Until TYPO3 9 LTS, we were using Extbase’s SignalSlot and TYPO3 custom hook system for extending the core in accordance with our implementation requirements. TYPO3 10 LTS implemented PSR 14, which is the standardized way for dispatching events. Before getting into the details of how this event dispatcher is used in TYPO3, let us have a look into PSR-14.
Whenever a piece of code hits a hook or signal, the third-party extension can register some sort of listener and alter, enhance, add to or simply observe (e.g. log) what happened. There were many approaches for implementing this in our code, that is for extending the core feature. So what happens is, someone will use one way and the other one will use a different way. That means, there was not a standardized approach for this. So in order to solve this, a group of people known as PHP Framework Interop Group (PHP-FIG) took up the task and came up with the standardized method “PHP Standard Recommendation 14 “which is called Event Dispatcher. For a more detailed introduction to PSR-14, there is a talk “PSR-14: A major PHP Event” by Larry Garfield at the Dutch PHP Conference 2019”.
With PSR-14, it is possible to extend the core in a clean way without hacking the core, which would override the changes with the update of TYPO3. PSR-14 consists of four components:
An EventDispatcher is used to trigger an event. It executes registered listeners in the caller’s code. TYPO3 has a custom EventDispatcher implementation for now, however, all EventDispatchers of all frameworks are implementing Psr\EventDispatcher\EventDispatcherInterface. The EventDispatcher’s main method dispatch() is called in TYPO3 Core or extensions, which receives a PHP object and is then handed to all available listeners.
A ListenerProvider object contains all listeners for determining which event should be called for a given event. TYPO3 has a custom ListenerProvider.
Events are objects which act as the unit of communication between an Emitter and appropriate Listeners. By default, all registered listeners get triggered by an Event, however, if an Event has the interface Psr\EventDispatcher\StoppableEventInterface implemented, a listener can stop further execution of other event listeners.
Extensions and PHP packages can add listeners that are registered via YAML. They are usually associated with Event objects by the fully qualified name of the event to be listened to. It is the task of the ListenerProvider to provide configuration mechanisms to represent this relationship.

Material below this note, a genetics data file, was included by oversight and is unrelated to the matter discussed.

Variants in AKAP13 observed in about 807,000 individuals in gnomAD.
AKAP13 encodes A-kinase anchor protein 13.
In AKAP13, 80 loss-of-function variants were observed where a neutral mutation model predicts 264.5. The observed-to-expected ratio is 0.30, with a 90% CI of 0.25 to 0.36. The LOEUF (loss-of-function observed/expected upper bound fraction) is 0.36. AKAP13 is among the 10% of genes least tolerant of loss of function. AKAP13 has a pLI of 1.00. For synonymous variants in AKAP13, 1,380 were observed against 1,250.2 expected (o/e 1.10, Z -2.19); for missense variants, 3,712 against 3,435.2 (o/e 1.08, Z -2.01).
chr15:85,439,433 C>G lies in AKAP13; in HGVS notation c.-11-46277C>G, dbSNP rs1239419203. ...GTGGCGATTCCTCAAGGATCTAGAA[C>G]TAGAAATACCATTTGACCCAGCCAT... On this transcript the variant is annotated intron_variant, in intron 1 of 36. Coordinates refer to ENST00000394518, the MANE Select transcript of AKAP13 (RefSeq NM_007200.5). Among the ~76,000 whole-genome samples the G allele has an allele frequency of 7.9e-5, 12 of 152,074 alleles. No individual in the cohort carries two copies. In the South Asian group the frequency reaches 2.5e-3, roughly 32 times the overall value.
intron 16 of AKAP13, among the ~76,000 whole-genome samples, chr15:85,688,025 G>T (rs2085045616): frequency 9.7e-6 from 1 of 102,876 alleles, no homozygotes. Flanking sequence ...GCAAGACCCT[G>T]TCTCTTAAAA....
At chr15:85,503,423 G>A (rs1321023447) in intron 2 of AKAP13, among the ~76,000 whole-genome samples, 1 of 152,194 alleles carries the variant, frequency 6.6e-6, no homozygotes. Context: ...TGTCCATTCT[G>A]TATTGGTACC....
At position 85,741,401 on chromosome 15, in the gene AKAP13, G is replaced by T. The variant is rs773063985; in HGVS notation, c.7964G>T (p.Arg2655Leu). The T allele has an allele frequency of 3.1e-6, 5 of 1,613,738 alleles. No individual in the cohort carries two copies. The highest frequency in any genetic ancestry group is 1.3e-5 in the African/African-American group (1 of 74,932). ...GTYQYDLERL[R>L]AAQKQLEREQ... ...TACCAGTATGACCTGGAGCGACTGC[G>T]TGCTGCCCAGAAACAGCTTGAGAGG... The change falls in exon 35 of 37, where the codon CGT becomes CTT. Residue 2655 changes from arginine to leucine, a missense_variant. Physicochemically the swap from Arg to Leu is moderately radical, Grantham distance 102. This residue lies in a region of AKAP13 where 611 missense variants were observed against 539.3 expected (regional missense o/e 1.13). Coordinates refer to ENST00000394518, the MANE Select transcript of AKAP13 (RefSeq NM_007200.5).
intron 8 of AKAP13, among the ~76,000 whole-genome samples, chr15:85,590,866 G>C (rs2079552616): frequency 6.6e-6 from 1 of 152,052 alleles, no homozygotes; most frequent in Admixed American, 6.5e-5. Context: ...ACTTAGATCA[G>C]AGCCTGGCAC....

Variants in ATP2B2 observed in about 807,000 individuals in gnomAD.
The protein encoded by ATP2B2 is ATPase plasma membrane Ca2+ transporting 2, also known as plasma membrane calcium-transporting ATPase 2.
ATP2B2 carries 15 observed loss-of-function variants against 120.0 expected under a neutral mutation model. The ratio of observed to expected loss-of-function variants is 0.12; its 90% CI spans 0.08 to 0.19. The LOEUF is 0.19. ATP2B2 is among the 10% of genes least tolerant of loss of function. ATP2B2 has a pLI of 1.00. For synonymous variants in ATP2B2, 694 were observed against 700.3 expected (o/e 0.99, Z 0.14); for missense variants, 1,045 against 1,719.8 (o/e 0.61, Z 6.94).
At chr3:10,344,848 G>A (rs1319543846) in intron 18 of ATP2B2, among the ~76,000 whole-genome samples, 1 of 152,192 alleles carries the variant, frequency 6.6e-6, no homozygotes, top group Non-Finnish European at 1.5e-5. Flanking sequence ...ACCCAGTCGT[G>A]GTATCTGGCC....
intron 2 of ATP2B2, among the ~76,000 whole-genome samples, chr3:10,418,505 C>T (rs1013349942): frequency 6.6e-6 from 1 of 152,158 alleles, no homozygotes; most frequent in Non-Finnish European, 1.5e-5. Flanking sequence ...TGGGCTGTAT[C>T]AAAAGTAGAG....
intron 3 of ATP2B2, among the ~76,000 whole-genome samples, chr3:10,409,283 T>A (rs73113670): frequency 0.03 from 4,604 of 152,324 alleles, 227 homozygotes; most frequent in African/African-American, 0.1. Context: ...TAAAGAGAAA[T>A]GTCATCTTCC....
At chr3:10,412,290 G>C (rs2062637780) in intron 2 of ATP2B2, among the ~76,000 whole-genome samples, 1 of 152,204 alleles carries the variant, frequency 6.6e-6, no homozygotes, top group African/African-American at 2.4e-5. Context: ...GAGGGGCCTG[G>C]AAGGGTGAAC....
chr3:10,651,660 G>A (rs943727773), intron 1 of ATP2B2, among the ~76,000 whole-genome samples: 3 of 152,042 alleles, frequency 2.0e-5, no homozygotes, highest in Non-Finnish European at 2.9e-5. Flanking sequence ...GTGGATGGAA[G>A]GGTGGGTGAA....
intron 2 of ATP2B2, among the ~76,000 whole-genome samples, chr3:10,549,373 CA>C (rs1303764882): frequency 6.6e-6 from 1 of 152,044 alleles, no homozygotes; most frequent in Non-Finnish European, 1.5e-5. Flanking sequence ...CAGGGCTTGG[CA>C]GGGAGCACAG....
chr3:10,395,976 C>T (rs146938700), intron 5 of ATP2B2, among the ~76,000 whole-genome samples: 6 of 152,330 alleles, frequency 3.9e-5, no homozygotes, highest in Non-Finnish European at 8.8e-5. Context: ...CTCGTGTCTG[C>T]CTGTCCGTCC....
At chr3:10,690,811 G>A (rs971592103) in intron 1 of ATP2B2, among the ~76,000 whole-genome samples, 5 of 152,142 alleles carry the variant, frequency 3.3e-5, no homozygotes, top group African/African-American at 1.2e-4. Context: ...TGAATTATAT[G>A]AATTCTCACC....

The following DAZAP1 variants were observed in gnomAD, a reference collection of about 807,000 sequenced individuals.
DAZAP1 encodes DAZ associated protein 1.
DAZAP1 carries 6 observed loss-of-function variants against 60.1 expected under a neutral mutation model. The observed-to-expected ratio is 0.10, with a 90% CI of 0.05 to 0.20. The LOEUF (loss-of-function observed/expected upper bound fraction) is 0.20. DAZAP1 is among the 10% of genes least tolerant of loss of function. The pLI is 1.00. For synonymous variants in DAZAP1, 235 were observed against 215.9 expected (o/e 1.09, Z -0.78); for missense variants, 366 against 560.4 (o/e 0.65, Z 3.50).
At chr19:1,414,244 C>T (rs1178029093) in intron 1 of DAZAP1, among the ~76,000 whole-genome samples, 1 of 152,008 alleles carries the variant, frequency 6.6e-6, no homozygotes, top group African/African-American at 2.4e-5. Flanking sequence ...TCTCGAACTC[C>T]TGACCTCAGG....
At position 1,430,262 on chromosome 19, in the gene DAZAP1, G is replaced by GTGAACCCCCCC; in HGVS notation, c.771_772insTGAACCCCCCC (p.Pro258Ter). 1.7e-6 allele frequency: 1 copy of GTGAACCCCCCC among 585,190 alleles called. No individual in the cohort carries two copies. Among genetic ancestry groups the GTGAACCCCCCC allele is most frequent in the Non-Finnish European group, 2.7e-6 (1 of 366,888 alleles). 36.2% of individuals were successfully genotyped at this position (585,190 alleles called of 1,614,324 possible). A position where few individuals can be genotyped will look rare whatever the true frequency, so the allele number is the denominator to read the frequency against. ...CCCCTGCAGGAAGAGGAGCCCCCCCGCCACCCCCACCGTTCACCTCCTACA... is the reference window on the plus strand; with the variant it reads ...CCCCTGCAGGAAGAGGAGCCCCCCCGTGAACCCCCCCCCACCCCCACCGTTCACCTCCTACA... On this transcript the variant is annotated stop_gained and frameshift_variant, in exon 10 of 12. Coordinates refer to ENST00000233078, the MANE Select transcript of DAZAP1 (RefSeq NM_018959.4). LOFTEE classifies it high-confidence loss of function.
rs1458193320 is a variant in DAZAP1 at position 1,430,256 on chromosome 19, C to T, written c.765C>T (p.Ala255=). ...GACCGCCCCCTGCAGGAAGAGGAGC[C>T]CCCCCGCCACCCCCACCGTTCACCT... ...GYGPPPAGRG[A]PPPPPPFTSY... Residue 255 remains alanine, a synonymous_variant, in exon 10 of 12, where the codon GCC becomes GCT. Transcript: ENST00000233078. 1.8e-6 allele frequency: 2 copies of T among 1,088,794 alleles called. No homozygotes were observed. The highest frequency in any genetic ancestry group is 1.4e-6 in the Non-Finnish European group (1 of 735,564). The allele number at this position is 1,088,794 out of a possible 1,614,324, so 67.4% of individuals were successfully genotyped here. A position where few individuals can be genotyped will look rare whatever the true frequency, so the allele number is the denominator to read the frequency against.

The listeners have to be registered in the file Configuration/Services.yaml with the tag event.listener. Let us see an example for listener registration.
Line 1: The registration happens in the Services section. This is where all the Dependency Injection configuration goes as well.
Line 2: The Fully Qualified Class Name (FQCN) of the listener.
Line 3: The registration of listeners is done with service tags (official Symfony documentation).
Line 4: The tag name for listener registration is event.listener. This tag will be recognized and processed by the aforementioned ListenerProviderPass.
Line 5: The identifier of the listener. This is used to order the listener before or after other listeners. If no identifier is specified the FQCN is the identifier.
Line 6: The method that should receive the Event. This is optional. If no attribute method is given, the class is treated as Invokable, thus __invoke method is called.
Line 7: The FQCN of the Event the listener is registered for.
Line 8: Optional listeners that need to run after our listener. We register before those. Similarly, we can have optional listeners that need to run before our listener. We register after those.
A list of the ordered Event listeners has also been added to the configuration module of the system extension low-level. Moreover, the list of all core PSR-14 events has been mentioned in List of Core PSR-14 [https://docs.typo3.org/m/typo3/reference-coreapi/master/en-us/ApiOverview/Hooks/Events/Index.html].
Now let us see an example of implementing event listeners into our extension. We can also refer to the talk of Benni Mack at the TYPO3 Developer Days 2019, “Don’t get hooked, listen to events! PSR-14 within TYPO3 v10 @ TYPO3 Developer Days 2019”
In version 10 of the mailer, the dispatcher dispatches and creates a new event and this event decides what we have to do with it.
Next we have to register the listener in the Configuration/Services.yaml file of our extension.
An example listener, which hooks into the Mailer API to modify Mailer settings to not send any emails, could look like this:
TYPO3 10 LTS still supports Signals and Hooks. By TYPO3 version 11 this will be deprecated. So it is better to update your code so that in the future it will save time when you upgrade your current version. There are some documentations available that we can refer to;
So start using events in your code for a better experience. Thank you for reading.